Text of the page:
‘Pak’s growing nuclear arsenal is South Asia’s biggest concern’ | world | Hindustan Times
Today in New Delhi, India
Feb 26, 2017-Sunday
New Delhi
  • Humidity
  • Wind

‘Pak’s growing nuclear arsenal is South Asia’s biggest concern’

world Updated: Apr 08, 2015 00:11 IST
Pakistan's nuclear arsenal

Describing nuclear-armed Pakistan as “unquestionably the biggest concern” to stability in South Asia, a leading US daily on Tuesday said the world powers that worked on the Iran deal should now turn their attention to the “troubled region with growing nuclear risks of its own”.

“The world’s attention has rightly been riveted on negotiations aimed at curbing Iran’s nuclear programme. If and when that deal is made final, America and the other major powers that worked on it — China, Russia, Britain, France and Germany — should turn their attention to South Asia, a troubled region with growing nuclear risks of its own,” The New York Times said in an editorial.

The editorial, titled “Nuclear Fears in South Asia”, said the situation in the region cannot be ignored by the major world powers, no matter how preoccupied they may be by the long negotiations with Iran as India, China and Pakistan are moving ahead with plans to deploy nuclear weapons in the Indian Ocean.

The editorial said Pakistan is “hardly alone in its potential to cause regional instability,” with China continuing to build up its nuclear arsenal, now estimated at 250 weapons.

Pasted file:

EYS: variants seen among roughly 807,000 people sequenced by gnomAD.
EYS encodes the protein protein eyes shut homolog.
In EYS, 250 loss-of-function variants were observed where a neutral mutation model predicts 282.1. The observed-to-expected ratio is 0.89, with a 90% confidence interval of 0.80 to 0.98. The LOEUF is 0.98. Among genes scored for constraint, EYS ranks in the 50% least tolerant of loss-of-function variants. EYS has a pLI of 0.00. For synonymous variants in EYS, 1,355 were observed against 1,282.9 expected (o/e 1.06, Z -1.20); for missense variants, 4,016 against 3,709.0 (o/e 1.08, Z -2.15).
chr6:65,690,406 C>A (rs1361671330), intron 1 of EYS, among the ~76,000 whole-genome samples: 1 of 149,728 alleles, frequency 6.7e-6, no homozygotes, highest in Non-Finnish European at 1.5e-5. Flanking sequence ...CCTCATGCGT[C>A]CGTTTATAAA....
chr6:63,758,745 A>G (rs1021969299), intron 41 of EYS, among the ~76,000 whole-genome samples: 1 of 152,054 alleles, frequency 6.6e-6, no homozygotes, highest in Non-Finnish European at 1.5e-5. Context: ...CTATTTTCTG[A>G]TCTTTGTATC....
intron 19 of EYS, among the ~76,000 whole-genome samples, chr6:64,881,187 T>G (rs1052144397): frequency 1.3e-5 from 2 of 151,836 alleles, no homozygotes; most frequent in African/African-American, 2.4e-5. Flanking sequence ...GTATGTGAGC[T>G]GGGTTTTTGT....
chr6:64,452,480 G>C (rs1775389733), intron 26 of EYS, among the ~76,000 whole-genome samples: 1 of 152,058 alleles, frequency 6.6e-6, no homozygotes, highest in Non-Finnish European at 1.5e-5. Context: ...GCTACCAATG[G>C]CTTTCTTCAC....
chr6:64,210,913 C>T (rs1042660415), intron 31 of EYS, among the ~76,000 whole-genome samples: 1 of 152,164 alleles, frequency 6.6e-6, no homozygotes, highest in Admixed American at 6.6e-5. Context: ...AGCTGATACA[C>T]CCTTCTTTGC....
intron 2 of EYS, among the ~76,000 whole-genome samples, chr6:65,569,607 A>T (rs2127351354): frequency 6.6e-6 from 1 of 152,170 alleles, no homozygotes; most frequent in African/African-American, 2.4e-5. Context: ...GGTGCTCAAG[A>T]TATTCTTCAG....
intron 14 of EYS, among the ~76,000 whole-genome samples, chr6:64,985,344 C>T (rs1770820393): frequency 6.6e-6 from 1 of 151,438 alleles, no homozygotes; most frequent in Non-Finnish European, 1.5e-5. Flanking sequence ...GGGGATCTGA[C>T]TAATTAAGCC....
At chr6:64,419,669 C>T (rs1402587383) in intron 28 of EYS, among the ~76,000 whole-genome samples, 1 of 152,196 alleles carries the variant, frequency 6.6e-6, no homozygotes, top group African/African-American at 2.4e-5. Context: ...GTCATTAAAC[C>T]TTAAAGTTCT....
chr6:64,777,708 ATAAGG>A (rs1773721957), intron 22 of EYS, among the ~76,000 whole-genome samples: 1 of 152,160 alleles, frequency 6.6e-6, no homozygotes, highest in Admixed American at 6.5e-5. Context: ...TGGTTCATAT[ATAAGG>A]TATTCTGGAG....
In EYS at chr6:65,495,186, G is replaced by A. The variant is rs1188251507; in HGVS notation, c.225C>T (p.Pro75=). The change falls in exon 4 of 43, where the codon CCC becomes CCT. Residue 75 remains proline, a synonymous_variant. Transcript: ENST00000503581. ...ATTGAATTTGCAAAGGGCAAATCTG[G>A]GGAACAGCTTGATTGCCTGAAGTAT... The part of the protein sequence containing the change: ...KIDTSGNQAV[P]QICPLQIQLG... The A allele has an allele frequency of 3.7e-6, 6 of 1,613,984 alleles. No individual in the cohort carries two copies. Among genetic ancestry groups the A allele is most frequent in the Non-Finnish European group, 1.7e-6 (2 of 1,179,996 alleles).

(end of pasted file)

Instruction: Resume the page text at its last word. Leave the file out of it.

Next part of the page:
It added the continuous investments by the country in military arsenal capable of carrying nuclear warheads “reflect the Pakistani Army’s continuing obsession with India as the enemy, a rationale that allows the generals to maintain maximum power over the government.

“At the same time, Pakistan has sunk deeper into chaos, threatened by economic collapse, the weakening of political institutions and, most of all, a Taliban insurgency that aims to bring down the state,” it said.

On India’s part, which has a nuclear arsenal of 110 weapons compared to Pakistan’s 120, PM Narendra Modi has made it clear that Islamabad can expect retaliation if Islamic militants carry out a terrorist attack in India, as happened with the 2008 attack in Mumbai, the editorial continued.

“Pakistan has left open the possibility that it could be the first to use nuclear weapons in a confrontation, even one that began with conventional arms,” it said.

It added that "even more troubling” is the fact that the Pakistani Army has become increasingly dependent on the nuclear arsenal because Pakistan cannot match the size and sophistication of India’s conventional forces.